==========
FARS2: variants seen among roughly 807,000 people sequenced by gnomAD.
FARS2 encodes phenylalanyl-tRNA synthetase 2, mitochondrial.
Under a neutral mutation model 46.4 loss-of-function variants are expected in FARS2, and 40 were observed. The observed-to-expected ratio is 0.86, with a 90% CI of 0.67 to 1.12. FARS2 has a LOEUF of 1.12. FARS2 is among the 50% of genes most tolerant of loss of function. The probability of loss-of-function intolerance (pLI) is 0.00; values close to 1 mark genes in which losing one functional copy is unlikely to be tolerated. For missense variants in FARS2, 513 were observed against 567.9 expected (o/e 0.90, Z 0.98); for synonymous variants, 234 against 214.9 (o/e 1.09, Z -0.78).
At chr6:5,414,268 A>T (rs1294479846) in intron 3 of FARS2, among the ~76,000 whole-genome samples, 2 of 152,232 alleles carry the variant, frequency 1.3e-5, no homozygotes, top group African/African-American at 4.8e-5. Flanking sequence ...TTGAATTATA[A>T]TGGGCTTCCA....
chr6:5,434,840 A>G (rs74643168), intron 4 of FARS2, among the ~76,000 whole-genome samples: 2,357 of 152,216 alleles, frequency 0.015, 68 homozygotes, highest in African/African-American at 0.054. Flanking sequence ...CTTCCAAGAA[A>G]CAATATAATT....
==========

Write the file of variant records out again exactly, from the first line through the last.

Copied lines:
FARS2: variants seen among roughly 807,000 people sequenced by gnomAD.
FARS2 encodes phenylalanyl-tRNA synthetase 2, mitochondrial.
Under a neutral mutation model 46.4 loss-of-function variants are expected in FARS2, and 40 were observed. The observed-to-expected ratio is 0.86, with a 90% CI of 0.67 to 1.12. FARS2 has a LOEUF of 1.12. FARS2 is among the 50% of genes most tolerant of loss of function. The probability of loss-of-function intolerance (pLI) is 0.00; values close to 1 mark genes in which losing one functional copy is unlikely to be tolerated. For missense variants in FARS2, 513 were observed against 567.9 expected (o/e 0.90, Z 0.98); for synonymous variants, 234 against 214.9 (o/e 1.09, Z -0.78).
At chr6:5,414,268 A>T (rs1294479846) in intron 3 of FARS2, among the ~76,000 whole-genome samples, 2 of 152,232 alleles carry the variant, frequency 1.3e-5, no homozygotes, top group African/African-American at 4.8e-5. Flanking sequence ...TTGAATTATA[A>T]TGGGCTTCCA....
chr6:5,434,840 A>G (rs74643168), intron 4 of FARS2, among the ~76,000 whole-genome samples: 2,357 of 152,216 alleles, frequency 0.015, 68 homozygotes, highest in African/African-American at 0.054. Flanking sequence ...CTTCCAAGAA[A>G]CAATATAATT....